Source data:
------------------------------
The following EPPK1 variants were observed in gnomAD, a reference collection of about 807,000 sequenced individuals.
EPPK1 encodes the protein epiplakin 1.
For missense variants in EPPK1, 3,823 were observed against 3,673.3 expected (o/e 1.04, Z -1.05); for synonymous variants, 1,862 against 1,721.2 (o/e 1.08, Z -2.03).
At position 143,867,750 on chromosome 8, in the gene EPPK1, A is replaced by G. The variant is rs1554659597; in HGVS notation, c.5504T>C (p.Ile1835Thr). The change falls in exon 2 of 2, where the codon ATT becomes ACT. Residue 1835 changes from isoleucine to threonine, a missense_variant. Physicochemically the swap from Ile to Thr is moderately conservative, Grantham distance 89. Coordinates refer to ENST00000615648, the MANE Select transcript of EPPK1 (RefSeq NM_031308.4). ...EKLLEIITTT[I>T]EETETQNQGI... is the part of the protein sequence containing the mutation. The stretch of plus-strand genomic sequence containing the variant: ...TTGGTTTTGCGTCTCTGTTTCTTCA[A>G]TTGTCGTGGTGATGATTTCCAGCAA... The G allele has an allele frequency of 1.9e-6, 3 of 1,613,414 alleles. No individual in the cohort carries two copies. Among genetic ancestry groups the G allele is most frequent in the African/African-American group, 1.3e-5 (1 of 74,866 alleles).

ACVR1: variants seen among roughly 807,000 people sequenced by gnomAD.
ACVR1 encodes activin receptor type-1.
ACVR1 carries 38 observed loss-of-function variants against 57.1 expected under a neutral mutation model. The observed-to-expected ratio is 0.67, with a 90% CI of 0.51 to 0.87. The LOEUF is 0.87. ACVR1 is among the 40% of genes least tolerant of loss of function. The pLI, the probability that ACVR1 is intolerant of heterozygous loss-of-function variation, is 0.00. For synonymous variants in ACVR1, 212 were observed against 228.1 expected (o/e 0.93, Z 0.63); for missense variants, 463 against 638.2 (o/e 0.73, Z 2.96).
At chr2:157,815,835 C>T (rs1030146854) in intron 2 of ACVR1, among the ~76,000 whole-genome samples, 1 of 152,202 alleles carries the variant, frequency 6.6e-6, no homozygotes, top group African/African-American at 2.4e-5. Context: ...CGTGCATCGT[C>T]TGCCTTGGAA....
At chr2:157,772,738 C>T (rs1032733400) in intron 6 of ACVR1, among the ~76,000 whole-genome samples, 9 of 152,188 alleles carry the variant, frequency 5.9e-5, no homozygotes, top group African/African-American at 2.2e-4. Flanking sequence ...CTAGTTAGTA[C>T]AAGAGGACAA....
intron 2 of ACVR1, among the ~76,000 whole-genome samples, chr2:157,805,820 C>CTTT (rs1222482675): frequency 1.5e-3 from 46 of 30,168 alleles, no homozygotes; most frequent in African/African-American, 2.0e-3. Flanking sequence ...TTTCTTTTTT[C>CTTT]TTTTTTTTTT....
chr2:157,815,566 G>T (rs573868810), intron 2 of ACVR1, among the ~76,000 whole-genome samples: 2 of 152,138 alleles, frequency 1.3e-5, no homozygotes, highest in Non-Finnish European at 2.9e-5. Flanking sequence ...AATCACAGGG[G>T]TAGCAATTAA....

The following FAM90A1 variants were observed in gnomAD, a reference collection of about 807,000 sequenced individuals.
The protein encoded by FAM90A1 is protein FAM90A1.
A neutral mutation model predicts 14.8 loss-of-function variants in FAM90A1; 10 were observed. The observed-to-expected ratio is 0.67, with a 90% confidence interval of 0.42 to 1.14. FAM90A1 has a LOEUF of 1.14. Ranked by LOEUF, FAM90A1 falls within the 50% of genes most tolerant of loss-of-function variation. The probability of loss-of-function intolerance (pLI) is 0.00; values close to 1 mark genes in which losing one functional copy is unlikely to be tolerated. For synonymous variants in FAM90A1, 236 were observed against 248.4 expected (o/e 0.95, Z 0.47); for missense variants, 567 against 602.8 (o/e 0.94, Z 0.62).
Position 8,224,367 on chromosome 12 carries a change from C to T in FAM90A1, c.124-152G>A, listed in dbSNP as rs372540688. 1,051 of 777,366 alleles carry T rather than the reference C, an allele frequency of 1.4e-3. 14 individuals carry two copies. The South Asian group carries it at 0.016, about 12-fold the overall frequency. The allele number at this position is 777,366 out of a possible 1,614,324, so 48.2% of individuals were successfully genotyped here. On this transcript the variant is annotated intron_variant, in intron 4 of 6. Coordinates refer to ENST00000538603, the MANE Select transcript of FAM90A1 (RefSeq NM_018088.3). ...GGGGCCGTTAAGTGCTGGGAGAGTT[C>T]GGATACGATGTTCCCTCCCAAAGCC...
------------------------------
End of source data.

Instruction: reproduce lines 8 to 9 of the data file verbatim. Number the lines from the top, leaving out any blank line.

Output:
At chr2:157,815,835 C>T (rs1030146854) in intron 2 of ACVR1, among the ~76,000 whole-genome samples, 1 of 152,202 alleles carries the variant, frequency 6.6e-6, no homozygotes, top group African/African-American at 2.4e-5. Context: ...CGTGCATCGT[C>T]TGCCTTGGAA....
At chr2:157,772,738 C>T (rs1032733400) in intron 6 of ACVR1, among the ~76,000 whole-genome samples, 9 of 152,188 alleles carry the variant, frequency 5.9e-5, no homozygotes, top group African/African-American at 2.2e-4. Flanking sequence ...CTAGTTAGTA[C>T]AAGAGGACAA....